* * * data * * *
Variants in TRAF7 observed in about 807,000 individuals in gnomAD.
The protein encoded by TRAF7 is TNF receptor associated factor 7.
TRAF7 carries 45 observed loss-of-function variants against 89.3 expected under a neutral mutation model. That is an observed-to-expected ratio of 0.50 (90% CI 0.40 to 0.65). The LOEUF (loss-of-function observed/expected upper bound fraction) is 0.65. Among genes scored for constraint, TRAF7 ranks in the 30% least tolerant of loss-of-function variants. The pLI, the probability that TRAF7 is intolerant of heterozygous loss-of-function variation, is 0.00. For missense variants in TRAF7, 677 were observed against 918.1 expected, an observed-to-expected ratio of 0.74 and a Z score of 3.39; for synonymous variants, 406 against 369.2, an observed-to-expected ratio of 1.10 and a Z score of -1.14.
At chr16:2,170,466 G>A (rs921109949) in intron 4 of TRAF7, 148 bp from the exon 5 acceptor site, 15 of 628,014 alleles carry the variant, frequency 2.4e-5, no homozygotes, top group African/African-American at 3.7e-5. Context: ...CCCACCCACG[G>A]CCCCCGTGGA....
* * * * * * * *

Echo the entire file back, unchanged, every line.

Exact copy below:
Variants in TRAF7 observed in about 807,000 individuals in gnomAD.
The protein encoded by TRAF7 is TNF receptor associated factor 7.
TRAF7 carries 45 observed loss-of-function variants against 89.3 expected under a neutral mutation model. That is an observed-to-expected ratio of 0.50 (90% CI 0.40 to 0.65). The LOEUF (loss-of-function observed/expected upper bound fraction) is 0.65. Among genes scored for constraint, TRAF7 ranks in the 30% least tolerant of loss-of-function variants. The pLI, the probability that TRAF7 is intolerant of heterozygous loss-of-function variation, is 0.00. For missense variants in TRAF7, 677 were observed against 918.1 expected, an observed-to-expected ratio of 0.74 and a Z score of 3.39; for synonymous variants, 406 against 369.2, an observed-to-expected ratio of 1.10 and a Z score of -1.14.
At chr16:2,170,466 G>A (rs921109949) in intron 4 of TRAF7, 148 bp from the exon 5 acceptor site, 15 of 628,014 alleles carry the variant, frequency 2.4e-5, no homozygotes, top group African/African-American at 3.7e-5. Context: ...CCCACCCACG[G>A]CCCCCGTGGA....